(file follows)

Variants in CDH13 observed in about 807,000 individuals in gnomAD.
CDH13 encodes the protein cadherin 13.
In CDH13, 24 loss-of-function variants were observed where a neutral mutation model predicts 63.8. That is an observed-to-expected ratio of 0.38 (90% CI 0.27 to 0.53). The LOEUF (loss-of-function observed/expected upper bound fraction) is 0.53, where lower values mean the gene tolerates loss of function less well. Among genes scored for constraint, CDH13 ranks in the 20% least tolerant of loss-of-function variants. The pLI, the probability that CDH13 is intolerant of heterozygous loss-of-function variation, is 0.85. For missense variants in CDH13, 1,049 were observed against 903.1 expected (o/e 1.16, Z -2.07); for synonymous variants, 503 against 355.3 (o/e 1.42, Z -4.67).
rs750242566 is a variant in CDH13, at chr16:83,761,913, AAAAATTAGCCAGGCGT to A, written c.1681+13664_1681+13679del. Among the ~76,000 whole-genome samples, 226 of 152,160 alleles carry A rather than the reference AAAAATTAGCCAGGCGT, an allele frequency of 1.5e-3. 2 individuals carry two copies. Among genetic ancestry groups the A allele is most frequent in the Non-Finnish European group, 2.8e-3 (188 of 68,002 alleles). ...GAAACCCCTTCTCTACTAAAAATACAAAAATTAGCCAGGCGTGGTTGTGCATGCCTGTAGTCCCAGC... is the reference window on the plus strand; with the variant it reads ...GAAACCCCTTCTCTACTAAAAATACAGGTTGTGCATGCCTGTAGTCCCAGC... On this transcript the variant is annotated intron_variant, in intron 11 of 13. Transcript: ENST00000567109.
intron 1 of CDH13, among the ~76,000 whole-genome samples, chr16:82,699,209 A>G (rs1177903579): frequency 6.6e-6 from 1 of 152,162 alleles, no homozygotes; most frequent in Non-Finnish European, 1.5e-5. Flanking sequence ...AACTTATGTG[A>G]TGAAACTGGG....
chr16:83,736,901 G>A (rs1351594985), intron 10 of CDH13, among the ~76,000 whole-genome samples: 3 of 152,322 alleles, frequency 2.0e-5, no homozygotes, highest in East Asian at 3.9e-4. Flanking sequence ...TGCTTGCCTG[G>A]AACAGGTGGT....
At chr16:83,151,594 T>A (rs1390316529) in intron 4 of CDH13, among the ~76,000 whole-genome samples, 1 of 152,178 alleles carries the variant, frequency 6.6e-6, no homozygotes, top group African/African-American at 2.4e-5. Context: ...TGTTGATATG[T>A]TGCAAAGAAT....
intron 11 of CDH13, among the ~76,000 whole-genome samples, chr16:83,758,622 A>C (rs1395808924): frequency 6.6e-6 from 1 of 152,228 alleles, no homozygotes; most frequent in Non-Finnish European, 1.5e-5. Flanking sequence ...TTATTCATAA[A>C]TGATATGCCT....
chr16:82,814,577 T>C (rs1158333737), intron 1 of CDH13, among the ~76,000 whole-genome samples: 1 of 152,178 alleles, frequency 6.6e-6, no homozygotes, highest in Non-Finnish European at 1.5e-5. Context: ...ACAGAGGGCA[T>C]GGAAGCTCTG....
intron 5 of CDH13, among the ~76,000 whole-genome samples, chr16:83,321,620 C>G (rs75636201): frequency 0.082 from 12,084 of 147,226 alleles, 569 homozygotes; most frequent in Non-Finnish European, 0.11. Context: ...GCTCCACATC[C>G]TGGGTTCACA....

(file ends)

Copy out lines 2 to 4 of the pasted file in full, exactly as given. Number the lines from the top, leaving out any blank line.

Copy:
CDH13 encodes the protein cadherin 13.
In CDH13, 24 loss-of-function variants were observed where a neutral mutation model predicts 63.8. That is an observed-to-expected ratio of 0.38 (90% CI 0.27 to 0.53). The LOEUF (loss-of-function observed/expected upper bound fraction) is 0.53, where lower values mean the gene tolerates loss of function less well. Among genes scored for constraint, CDH13 ranks in the 20% least tolerant of loss-of-function variants. The pLI, the probability that CDH13 is intolerant of heterozygous loss-of-function variation, is 0.85. For missense variants in CDH13, 1,049 were observed against 903.1 expected (o/e 1.16, Z -2.07); for synonymous variants, 503 against 355.3 (o/e 1.42, Z -4.67).
rs750242566 is a variant in CDH13, at chr16:83,761,913, AAAAATTAGCCAGGCGT to A, written c.1681+13664_1681+13679del. Among the ~76,000 whole-genome samples, 226 of 152,160 alleles carry A rather than the reference AAAAATTAGCCAGGCGT, an allele frequency of 1.5e-3. 2 individuals carry two copies. Among genetic ancestry groups the A allele is most frequent in the Non-Finnish European group, 2.8e-3 (188 of 68,002 alleles). ...GAAACCCCTTCTCTACTAAAAATACAAAAATTAGCCAGGCGTGGTTGTGCATGCCTGTAGTCCCAGC... is the reference window on the plus strand; with the variant it reads ...GAAACCCCTTCTCTACTAAAAATACAGGTTGTGCATGCCTGTAGTCCCAGC... On this transcript the variant is annotated intron_variant, in intron 11 of 13. Transcript: ENST00000567109.